February 7, 2019

Community Organizer Pushes for Accountability in 20th Ward Aldermanic Campaign

Jeanette Taylor has made her experience as a community organizer a key point in her campaign for alderman of the 20th ward.

Jeanette Taylor has made her experience as a community organizer a key point in her campaign for alderman of the 20th ward.

Courtesy of Jeanette Taylor 20th Ward

Jeanette Taylor thinks her experience as a community organizer is important to her campaign for alderman of the 20th Ward.

Three of the last four aldermen of the 20th Ward, including incumbent Willie Cochran, have been indicted on criminal charges. Taylor hopes that her reputation for community involvement will help rebuild the trust of 20th Ward voters in their alderman.

“People will not be able to say that they did not have a candidate who was already working, who was already fighting, and who will continue to fight,” she said.


Taylor has a long history of activism and community involvement in the South Side. In 2015, she led a 34-day hunger strike to reopen Dyett High School, which is several blocks north of campus, after Chicago Public Schools (CPS) announced it would close the high school due to declining enrollment and academic performance.

“I saw what type of beast Chicago is,” she said. “Politicians and churches, people we had known for years, turned their backs on us, and so I didn’t want to organize anymore because I thought I couldn’t win.”

Taylor has also served on the Local School Council (LSC) of Mollison Elementary in Bronzeville, where she lived for 21 years before moving to Woodlawn. She led three separate efforts to keep the school open. CPS eventually merged Mollison with the nearby Overton Elementary.

Taylor’s past activism also includes her membership with Kenwood-Oakland Community Organization (KOCO). As a member, she helped campaign for UChicago Medicine to establish a Level I adult trauma center in the South Side, which they did last May. Taylor was also a whistleblower for an Illinois State Board of Education probe into Chicago schools’ policies towards students with disabilities that reportedly delayed services for students.

Taylor said that her past experiences with community organizing are similar to the responsibilities of an alderman.

“This job is nothing but a community organizer with some money,” she said. “You are supposed to organize around what the community wants and in Black and Brown communities that does not happen.”


Taylor said that neighborhoods in the 20th Ward each face their own specific set of problems. In Washington Park and Woodlawn, she added, the incoming Obama Presidential Center (OPC) poses the biggest threat.

She supports a Community Benefits Agreement (CBA) that ensures people from the community are hired by the OPC and benefit from its presence. Taylor has been vocal about a CBA since forums in fall of last year.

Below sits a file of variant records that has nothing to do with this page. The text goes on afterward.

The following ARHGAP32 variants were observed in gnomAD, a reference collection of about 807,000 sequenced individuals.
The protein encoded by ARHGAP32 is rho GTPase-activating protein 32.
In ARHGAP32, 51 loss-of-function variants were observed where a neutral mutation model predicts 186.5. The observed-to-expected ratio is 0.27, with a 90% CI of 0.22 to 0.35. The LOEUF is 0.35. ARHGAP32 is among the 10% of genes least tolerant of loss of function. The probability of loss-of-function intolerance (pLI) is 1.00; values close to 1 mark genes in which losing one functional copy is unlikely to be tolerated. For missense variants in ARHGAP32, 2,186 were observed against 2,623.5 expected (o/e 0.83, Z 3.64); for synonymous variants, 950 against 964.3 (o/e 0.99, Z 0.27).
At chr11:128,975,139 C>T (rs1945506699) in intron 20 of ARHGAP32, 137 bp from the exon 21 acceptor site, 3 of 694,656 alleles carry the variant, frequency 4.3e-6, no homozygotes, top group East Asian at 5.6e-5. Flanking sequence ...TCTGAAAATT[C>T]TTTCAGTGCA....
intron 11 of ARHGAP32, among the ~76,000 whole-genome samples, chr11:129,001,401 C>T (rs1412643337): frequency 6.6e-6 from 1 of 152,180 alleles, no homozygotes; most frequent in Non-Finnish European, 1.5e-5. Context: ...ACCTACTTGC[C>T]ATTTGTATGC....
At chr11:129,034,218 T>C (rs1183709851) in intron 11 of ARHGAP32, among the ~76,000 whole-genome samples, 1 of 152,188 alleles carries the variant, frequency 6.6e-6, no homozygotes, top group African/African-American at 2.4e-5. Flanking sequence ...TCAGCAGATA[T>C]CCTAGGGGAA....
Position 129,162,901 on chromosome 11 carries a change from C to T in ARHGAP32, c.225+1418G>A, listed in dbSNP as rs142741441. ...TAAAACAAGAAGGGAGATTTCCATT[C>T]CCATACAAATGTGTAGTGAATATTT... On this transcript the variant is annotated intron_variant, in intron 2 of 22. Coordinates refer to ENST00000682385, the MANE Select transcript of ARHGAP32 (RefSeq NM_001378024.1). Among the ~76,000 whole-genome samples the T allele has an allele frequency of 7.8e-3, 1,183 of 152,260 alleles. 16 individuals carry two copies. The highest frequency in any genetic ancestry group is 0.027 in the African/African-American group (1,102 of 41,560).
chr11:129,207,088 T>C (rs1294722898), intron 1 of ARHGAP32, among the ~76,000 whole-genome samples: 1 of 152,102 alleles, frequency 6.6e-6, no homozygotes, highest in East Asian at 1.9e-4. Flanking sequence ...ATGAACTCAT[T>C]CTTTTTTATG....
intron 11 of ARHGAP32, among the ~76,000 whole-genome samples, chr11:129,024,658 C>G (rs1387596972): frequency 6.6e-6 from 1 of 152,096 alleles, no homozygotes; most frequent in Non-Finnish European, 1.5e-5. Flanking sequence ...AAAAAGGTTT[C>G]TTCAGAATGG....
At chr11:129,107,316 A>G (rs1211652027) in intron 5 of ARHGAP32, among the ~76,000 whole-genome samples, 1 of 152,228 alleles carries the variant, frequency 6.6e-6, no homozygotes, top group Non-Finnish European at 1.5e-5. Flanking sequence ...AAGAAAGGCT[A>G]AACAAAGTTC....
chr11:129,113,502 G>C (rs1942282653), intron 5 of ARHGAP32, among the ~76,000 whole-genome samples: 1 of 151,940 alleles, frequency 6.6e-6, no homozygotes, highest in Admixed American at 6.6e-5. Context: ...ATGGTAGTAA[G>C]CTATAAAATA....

“I’ve been at the forefront of this fight since [the OPC] was announced and we started to see rents go up and property taxes change,” she said.

Of the nine candidates still in the race, three of them—Taylor, Anthony Driver, and Dernard Newell—have included support of a CBA on their platforms.

Taylor also said that she will make seats on the school board for CPS elected positions, as opposed to the current system of mayoral appointment. She says the current board “has worked for the rich and the mayor” but not for low-income and minority communities. She expresses similar grievances about other City institutions, like the Chicago Housing Authority, at which her opponent Maya Hodari is a director of development.

Taylor’s other ideas for improving CPS include establishing more sustainable community schools in the ward, which partner with community organizations to give students access to certain programs. Taylor’s former organization, KOCO, is currently partnered with Drake Elementary and Dyett High School. She intends to have conversations with community members about these projects to receive input about specific needs and goals for local schools.

“We’ve trusted all these institutions and people to do right by us, and they haven’t,” she said. "I will probably spend the first year trying to build those relationships [with community members] by calling folks to make [City Council] decisions. So when I vote in City Council, it’s because this is what my constituents said.”

Taylor said she will not participate in the “classic machine politics” of Chicago and accused her opponent Kevin Bailey of participating in it.

“He’s knocked plenty of people,” she said. “Classic machine.”

She referred to how Bailey has challenged the signatures collected by every other candidate except for Andre Smith. Each candidate needs 473 unique signatures from 20th Ward residents to secure a spot on the ballot. Many candidates have accused Bailey of filing objections for the purpose of objecting rather than for pointing out actual faulty signatures. Even if candidates do have enough valid signatures, they still need to spend several days and potentially up to thousands of dollars to address objections.

Taylor emphasized that “whoever [wins], we’ve got to be at their office on a consistent basis holding them accountable or you’re going to look up and this will be another gentrified community, and we will be a memory of the past.”

"At the end of the day, Chicago can no longer continue to be a city built on getting rich off working families, and that’s what they’ve classically done," she said. "There is a new day in Chicago politics."